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CCSJ Annual Report
To download and view the 2019-19 CCSJ Annual Report please click here.
ACLU OF West Virginia T-shirt
You can support the ACLU’s work for immigrant rights by buying a red or blue t-shirt that features the New River Gorge Bridge and the message of “Build Bridges Not Walls.” The shirts are $25 each and can be ordered at this webpage.
ACLU OF West Virginia Announces Plans for 2020 Legislative Session
On December 26th, the ACLU issued this press release on its web site:
“As we approach the second session of the 84th West Virginia Legislature, we at the American Civil Liberties Union of West Virginia (ACLU-WV) are preparing again to protect constitutional liberties. The First Amendment, as well as rights to equal protections under the law, due process, and privacy are all at stake.
“We will support policies that protect civil liberties of all West Virginians, particularly the most vulnerable, and we will oppose those that deny the promise of the Bill of Rights to all.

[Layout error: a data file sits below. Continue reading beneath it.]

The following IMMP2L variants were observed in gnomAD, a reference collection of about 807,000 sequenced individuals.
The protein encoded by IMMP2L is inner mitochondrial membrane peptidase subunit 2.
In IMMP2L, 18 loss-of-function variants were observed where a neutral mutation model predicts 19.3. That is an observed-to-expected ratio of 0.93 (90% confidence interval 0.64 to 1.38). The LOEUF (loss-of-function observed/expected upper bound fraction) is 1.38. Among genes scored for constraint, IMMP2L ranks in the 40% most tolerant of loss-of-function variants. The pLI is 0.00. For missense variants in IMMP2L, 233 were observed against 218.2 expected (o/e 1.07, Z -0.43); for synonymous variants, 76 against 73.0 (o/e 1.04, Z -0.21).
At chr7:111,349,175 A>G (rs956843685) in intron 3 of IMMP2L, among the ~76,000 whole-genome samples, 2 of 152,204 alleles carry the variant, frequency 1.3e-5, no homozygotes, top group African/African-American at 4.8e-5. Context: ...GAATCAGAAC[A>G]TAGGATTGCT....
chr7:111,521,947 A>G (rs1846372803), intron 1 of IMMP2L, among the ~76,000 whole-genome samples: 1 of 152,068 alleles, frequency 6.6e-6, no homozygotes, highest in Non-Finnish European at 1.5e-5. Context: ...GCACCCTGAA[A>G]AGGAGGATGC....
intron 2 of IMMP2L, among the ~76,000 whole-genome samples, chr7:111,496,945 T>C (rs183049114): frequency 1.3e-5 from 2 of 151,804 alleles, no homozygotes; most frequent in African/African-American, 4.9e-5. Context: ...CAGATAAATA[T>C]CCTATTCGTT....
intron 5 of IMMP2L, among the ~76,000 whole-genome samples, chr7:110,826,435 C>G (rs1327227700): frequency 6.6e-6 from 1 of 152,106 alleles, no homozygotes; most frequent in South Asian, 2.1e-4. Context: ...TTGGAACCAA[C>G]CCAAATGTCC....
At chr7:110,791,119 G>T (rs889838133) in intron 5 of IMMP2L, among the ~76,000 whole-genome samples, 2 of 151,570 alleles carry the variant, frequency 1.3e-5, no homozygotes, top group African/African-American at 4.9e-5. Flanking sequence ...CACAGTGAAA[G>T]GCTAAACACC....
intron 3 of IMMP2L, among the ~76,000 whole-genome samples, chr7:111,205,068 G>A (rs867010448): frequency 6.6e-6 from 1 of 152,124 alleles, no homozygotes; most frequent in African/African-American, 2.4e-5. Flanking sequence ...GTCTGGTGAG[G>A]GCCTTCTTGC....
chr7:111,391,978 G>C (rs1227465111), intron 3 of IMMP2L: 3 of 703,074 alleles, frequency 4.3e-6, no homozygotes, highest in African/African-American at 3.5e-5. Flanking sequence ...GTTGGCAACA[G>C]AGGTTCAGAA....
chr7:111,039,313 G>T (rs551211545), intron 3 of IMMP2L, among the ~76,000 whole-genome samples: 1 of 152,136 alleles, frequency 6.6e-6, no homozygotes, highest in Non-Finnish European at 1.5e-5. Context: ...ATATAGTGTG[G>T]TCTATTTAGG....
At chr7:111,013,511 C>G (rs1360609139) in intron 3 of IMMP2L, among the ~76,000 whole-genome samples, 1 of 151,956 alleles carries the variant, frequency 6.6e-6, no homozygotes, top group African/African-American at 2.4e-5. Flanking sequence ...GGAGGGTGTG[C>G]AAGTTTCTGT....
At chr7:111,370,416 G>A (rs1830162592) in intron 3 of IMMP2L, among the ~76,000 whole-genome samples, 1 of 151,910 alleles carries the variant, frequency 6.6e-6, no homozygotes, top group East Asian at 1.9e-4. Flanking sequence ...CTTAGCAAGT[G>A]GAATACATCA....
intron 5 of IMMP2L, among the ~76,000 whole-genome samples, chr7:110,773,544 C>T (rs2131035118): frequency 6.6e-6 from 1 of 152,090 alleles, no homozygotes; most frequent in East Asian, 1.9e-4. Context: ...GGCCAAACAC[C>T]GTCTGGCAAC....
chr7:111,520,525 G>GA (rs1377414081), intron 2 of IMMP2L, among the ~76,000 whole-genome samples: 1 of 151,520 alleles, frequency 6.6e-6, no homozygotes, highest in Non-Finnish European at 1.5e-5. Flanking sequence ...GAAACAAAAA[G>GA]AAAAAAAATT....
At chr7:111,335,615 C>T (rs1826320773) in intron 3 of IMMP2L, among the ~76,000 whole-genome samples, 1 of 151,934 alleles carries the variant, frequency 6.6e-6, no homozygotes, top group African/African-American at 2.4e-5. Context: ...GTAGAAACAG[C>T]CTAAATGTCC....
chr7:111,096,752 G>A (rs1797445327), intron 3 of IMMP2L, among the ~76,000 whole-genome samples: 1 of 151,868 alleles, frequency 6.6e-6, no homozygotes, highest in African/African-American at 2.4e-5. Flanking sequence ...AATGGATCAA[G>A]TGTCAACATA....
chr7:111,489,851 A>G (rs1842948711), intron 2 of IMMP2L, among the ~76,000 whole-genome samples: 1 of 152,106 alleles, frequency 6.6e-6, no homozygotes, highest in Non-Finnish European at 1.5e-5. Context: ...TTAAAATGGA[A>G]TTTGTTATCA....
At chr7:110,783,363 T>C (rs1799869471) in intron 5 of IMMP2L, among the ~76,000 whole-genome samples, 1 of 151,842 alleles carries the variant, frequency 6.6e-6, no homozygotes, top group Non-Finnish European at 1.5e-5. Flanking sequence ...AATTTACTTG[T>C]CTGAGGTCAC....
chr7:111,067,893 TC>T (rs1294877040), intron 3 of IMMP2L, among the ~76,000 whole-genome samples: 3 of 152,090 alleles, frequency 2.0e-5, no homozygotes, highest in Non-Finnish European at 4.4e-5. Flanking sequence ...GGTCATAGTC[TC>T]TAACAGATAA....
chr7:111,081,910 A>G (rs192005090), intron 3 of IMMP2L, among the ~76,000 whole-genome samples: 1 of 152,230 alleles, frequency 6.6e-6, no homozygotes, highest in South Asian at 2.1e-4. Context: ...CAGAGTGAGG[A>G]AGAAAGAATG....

“One of our top priorities will be bail reform. We’ll seek legislation that balances public safety with people’s basic freedoms, meaning their ability to live and work and to not be confined to a cell without being found guilty of a crime. We’ll work to end cash bail, a system that enables those with financial means to escape pretrial imprisonment while keeping the poor locked up. This system costs the state enormous amounts of money and disrupts the lives of those who are accused – but not yet convicted – of a crime.
“We’ll demand more transparency in policing and support the creation of a statewide cooperative review board. These boards allow the public to hold officers accountable for actions taken while on duty. We will also continue our efforts on civil asset forfeiture, encouraging the creation of a database of all goods and money that the government seizes from people accused of crimes.
“Juvenile justice reform is another top concern. We’ll back legislation that promotes a safe and harassment-free school environment, one that prioritizes comprehensive mental and behavioral health services for our students over treating them like criminals.